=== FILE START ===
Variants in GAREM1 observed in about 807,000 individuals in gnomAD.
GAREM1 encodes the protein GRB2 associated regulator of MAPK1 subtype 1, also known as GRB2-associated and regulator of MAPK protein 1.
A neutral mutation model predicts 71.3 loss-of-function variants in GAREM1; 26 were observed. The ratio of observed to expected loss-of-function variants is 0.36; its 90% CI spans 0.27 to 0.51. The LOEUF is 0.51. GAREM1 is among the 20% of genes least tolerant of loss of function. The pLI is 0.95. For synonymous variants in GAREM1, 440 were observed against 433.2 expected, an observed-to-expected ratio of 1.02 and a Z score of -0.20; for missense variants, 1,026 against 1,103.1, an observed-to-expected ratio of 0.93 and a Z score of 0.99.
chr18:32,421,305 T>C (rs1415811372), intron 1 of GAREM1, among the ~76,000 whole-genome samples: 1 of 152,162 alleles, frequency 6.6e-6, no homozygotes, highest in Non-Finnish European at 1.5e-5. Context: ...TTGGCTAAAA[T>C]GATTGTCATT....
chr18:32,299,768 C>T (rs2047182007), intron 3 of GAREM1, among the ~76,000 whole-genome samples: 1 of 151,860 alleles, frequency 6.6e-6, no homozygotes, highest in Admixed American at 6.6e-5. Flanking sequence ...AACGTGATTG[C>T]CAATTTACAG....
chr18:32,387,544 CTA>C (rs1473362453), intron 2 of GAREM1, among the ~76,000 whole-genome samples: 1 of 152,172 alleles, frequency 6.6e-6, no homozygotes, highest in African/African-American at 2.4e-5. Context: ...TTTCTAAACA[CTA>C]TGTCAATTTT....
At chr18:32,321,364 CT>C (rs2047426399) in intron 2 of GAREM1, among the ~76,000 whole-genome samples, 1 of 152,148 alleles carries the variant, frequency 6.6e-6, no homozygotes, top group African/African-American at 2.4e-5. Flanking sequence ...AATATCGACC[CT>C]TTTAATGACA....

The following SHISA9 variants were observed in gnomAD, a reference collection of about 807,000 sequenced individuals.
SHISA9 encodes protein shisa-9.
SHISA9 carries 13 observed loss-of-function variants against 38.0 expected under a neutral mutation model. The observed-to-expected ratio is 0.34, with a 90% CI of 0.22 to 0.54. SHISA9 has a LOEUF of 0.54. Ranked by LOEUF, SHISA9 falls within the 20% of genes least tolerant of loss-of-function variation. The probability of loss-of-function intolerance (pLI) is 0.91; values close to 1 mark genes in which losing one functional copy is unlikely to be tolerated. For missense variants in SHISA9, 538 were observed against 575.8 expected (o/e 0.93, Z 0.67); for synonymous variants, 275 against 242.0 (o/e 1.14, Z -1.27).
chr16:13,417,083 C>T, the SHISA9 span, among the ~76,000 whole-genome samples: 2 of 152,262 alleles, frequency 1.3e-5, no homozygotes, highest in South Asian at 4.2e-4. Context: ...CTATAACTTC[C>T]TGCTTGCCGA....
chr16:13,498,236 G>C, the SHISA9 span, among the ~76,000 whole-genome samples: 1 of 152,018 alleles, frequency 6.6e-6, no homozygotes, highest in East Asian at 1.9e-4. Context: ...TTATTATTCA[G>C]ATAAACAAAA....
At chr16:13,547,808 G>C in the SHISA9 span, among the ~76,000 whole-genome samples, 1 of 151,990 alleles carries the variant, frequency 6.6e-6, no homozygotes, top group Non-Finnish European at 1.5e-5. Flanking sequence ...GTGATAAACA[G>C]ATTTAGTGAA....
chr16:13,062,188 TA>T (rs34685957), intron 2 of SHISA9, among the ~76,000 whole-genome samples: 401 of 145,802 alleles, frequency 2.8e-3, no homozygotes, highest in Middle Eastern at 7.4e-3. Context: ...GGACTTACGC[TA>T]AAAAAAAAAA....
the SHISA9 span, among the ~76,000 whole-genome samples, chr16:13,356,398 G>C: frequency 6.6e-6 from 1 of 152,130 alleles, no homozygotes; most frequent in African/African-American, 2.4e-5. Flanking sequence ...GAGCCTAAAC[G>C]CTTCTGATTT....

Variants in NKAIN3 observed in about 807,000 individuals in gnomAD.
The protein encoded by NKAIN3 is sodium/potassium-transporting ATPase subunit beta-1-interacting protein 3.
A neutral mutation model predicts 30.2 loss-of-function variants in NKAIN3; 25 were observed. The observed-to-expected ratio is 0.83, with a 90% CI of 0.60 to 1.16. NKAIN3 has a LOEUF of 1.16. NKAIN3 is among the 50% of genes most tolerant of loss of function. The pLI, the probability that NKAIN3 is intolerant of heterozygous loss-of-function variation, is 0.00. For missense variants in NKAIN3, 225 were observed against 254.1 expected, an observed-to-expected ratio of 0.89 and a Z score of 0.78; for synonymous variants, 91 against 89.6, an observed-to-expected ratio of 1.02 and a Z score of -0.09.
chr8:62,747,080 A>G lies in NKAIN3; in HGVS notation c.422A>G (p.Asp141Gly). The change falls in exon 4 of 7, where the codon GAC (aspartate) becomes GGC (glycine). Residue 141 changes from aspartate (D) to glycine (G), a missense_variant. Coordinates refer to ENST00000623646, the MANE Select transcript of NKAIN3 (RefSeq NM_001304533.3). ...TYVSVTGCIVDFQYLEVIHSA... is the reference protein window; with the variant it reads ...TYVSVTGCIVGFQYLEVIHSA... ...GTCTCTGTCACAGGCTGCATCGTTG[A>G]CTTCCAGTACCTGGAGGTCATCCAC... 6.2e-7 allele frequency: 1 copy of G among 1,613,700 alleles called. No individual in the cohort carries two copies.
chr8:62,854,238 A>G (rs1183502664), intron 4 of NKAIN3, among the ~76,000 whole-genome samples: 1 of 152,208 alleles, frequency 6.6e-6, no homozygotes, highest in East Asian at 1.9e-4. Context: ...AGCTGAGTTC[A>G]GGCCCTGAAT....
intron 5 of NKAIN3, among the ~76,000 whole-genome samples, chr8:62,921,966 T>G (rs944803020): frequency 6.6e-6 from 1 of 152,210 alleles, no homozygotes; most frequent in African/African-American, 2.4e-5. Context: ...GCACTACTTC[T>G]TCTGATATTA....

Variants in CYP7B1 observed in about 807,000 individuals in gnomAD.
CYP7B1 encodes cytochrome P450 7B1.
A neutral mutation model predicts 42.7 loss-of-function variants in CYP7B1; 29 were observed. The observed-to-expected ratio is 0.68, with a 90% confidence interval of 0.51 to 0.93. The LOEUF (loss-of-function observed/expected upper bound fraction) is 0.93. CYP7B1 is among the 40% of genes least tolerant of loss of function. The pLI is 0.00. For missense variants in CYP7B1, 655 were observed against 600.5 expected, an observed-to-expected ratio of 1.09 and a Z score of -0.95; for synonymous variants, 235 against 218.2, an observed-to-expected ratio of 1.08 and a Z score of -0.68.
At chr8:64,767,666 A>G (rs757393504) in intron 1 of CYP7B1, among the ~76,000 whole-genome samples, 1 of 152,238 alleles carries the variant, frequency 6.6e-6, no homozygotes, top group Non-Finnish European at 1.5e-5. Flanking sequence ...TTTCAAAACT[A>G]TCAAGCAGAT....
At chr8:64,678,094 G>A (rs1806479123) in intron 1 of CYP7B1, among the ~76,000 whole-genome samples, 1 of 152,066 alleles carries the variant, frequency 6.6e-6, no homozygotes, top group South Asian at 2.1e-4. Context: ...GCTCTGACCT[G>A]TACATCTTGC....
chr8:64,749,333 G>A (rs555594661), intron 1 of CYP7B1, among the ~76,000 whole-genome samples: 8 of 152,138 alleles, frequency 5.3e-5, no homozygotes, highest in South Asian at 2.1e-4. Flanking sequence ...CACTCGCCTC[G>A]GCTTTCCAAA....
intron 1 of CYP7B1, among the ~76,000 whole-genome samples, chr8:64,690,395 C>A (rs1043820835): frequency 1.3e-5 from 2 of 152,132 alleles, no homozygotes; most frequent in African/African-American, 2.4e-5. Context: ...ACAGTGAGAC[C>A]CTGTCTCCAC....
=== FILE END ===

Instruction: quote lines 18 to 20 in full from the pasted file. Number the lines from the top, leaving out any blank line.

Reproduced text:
A neutral mutation model predicts 30.2 loss-of-function variants in NKAIN3; 25 were observed. The observed-to-expected ratio is 0.83, with a 90% CI of 0.60 to 1.16. NKAIN3 has a LOEUF of 1.16. NKAIN3 is among the 50% of genes most tolerant of loss of function. The pLI, the probability that NKAIN3 is intolerant of heterozygous loss-of-function variation, is 0.00. For missense variants in NKAIN3, 225 were observed against 254.1 expected, an observed-to-expected ratio of 0.89 and a Z score of 0.78; for synonymous variants, 91 against 89.6, an observed-to-expected ratio of 1.02 and a Z score of -0.09.
chr8:62,747,080 A>G lies in NKAIN3; in HGVS notation c.422A>G (p.Asp141Gly). The change falls in exon 4 of 7, where the codon GAC (aspartate) becomes GGC (glycine). Residue 141 changes from aspartate (D) to glycine (G), a missense_variant. Coordinates refer to ENST00000623646, the MANE Select transcript of NKAIN3 (RefSeq NM_001304533.3). ...TYVSVTGCIVDFQYLEVIHSA... is the reference protein window; with the variant it reads ...TYVSVTGCIVGFQYLEVIHSA... ...GTCTCTGTCACAGGCTGCATCGTTG[A>G]CTTCCAGTACCTGGAGGTCATCCAC... 6.2e-7 allele frequency: 1 copy of G among 1,613,700 alleles called. No individual in the cohort carries two copies.
chr8:62,854,238 A>G (rs1183502664), intron 4 of NKAIN3, among the ~76,000 whole-genome samples: 1 of 152,208 alleles, frequency 6.6e-6, no homozygotes, highest in East Asian at 1.9e-4. Context: ...AGCTGAGTTC[A>G]GGCCCTGAAT....